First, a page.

The first capital of Alaska, when the state was still under Russian rule, it keeps its traditions alive and is therefore one of the most unusual places to visit in an American state. Find out more in our article dedicated to what to see in Sitka.


    The Alaskan capital is an essential stop on a journey along the Inside Passage. Not only for the central role of the city, but also and above all because, being in the center of the coastal archipelago, it is the ideal starting point for numerous excursions. In our dedicated article you can read what to see in Juneau and which tours are available in the surrounding area.


    It is one of the less visited cities of the Inside Passage and this makes it more authentic than other places that are instead falling prey to mass tourism. At the same time it is one of the few reachable by car from Canada and the rest of Alaska. This is where you need to go if you want to get a taste of authentic Alaska, that of old days. Start your visit from Sheldon Museum and Cultural Center, a collection of 3000 items ranging from indigenous artifacts to Chinese trunks. It was created by one of the first inhabitants of Haines, Steve Sheldon, who began collecting objects at the age of 8 and continued throughout his life.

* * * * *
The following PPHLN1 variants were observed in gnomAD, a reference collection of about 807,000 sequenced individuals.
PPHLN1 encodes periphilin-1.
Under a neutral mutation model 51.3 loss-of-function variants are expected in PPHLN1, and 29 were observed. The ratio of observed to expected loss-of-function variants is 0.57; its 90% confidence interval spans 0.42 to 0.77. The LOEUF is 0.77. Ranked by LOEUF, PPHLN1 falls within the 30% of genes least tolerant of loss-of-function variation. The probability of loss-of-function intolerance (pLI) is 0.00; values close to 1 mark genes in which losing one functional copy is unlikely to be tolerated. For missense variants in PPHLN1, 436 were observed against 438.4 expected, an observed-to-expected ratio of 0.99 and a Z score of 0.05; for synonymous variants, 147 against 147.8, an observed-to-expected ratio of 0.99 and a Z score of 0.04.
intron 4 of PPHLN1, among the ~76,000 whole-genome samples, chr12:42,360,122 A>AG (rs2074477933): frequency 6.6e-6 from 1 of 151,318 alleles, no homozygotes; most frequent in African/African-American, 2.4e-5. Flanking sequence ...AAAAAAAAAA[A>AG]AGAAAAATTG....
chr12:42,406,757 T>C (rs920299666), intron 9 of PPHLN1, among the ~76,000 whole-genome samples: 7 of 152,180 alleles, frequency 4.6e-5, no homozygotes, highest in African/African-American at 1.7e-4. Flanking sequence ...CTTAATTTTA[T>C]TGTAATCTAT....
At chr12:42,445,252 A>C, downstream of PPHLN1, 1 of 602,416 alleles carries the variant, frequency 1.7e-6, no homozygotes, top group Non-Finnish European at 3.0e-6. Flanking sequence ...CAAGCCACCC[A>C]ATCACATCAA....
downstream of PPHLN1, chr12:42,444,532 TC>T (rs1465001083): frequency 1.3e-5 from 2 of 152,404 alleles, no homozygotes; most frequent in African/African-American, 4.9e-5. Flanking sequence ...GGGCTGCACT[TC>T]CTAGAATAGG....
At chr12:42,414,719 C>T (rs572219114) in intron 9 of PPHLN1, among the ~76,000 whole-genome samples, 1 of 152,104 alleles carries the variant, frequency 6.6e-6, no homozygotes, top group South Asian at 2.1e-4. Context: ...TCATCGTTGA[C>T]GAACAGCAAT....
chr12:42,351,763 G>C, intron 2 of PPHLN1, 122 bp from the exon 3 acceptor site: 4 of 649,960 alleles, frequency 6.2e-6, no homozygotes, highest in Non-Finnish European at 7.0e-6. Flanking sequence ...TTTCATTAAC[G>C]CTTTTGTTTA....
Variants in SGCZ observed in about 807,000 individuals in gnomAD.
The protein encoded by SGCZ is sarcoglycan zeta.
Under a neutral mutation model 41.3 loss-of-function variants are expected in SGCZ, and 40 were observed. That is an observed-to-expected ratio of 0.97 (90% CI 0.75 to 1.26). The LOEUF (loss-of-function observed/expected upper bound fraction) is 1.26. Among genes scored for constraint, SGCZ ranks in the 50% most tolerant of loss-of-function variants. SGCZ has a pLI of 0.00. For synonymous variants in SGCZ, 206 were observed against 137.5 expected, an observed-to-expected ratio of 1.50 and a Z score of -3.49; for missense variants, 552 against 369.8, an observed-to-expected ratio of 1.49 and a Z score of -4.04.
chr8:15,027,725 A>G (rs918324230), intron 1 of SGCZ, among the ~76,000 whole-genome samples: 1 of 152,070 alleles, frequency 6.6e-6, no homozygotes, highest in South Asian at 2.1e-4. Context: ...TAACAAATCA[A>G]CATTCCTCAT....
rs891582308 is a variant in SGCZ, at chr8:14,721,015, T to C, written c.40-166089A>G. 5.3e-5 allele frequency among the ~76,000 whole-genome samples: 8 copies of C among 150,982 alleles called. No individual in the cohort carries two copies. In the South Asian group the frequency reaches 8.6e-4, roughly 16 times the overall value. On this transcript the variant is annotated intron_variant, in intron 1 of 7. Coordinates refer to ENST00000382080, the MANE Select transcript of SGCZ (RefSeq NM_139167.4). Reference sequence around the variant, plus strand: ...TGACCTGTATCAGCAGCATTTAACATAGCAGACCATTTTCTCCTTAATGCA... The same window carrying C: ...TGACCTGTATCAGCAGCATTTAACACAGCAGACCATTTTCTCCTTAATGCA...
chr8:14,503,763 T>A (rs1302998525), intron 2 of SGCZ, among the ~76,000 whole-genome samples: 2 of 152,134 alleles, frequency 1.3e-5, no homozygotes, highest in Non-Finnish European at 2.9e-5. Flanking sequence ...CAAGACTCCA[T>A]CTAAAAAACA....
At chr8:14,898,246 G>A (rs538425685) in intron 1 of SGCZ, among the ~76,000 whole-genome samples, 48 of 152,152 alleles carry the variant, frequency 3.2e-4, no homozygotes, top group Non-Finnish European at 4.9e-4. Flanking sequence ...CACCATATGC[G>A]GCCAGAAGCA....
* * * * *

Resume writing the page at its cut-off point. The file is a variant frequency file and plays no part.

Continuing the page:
THEAlaska Indian Arts and Chilkat Center for the Arts are other places to admire indigenous art masterpieces. But the most particular museum of the city is theHammer museum: a collection of over 1400 hammers, each with its own history and use. About 50km north of the city you can visit the nature reserve Kroschel Wildlife Center, home to bears, wolves and many other animals.

    Even more interesting, however, is theAlaska Chilkat Bald Eagle Preserve: a reserve of 19 thousand hectares where over 3000 eagles gather every year in the areas called, not surprisingly, Valley of the Eagles e Eagle Council Grounds. The birds of prey spend the winter here because a hot spring greatly prolongs the migration of the salmon, which become easy prey for the eagles.


    The last stage is also one of the main ones from a tourist point of view. This tiny village of less than 2000 souls is the gateway to the Klondike gold mines. On the page dedicated to what to see in Skagway you can find more information about it.

    The natural attractions of the Inside Passage